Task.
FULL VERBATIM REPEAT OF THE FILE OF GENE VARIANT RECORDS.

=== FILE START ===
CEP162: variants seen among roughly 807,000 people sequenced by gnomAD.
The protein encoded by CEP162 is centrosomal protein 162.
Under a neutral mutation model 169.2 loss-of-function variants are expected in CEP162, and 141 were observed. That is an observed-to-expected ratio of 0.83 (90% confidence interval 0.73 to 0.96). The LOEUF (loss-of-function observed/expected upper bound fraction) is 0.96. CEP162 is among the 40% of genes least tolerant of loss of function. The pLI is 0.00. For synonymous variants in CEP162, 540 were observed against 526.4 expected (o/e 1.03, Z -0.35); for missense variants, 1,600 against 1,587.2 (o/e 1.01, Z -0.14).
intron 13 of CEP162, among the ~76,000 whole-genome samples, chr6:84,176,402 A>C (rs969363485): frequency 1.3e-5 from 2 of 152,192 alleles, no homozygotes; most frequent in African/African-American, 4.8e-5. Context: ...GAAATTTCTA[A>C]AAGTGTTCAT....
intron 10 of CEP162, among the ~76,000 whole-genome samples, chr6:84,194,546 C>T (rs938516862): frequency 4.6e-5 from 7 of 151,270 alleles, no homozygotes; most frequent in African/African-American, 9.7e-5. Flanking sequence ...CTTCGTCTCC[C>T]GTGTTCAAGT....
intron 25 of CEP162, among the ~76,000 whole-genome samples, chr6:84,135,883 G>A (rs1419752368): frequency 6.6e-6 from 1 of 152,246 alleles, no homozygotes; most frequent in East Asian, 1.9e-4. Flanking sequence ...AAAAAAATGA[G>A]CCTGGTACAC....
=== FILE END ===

CEP162: variants seen among roughly 807,000 people sequenced by gnomAD.
The protein encoded by CEP162 is centrosomal protein 162.
Under a neutral mutation model 169.2 loss-of-function variants are expected in CEP162, and 141 were observed. That is an observed-to-expected ratio of 0.83 (90% confidence interval 0.73 to 0.96). The LOEUF (loss-of-function observed/expected upper bound fraction) is 0.96. CEP162 is among the 40% of genes least tolerant of loss of function. The pLI is 0.00. For synonymous variants in CEP162, 540 were observed against 526.4 expected (o/e 1.03, Z -0.35); for missense variants, 1,600 against 1,587.2 (o/e 1.01, Z -0.14).
intron 13 of CEP162, among the ~76,000 whole-genome samples, chr6:84,176,402 A>C (rs969363485): frequency 1.3e-5 from 2 of 152,192 alleles, no homozygotes; most frequent in African/African-American, 4.8e-5. Context: ...GAAATTTCTA[A>C]AAGTGTTCAT....
intron 10 of CEP162, among the ~76,000 whole-genome samples, chr6:84,194,546 C>T (rs938516862): frequency 4.6e-5 from 7 of 151,270 alleles, no homozygotes; most frequent in African/African-American, 9.7e-5. Flanking sequence ...CTTCGTCTCC[C>T]GTGTTCAAGT....
intron 25 of CEP162, among the ~76,000 whole-genome samples, chr6:84,135,883 G>A (rs1419752368): frequency 6.6e-6 from 1 of 152,246 alleles, no homozygotes; most frequent in East Asian, 1.9e-4. Flanking sequence ...AAAAAAATGA[G>A]CCTGGTACAC....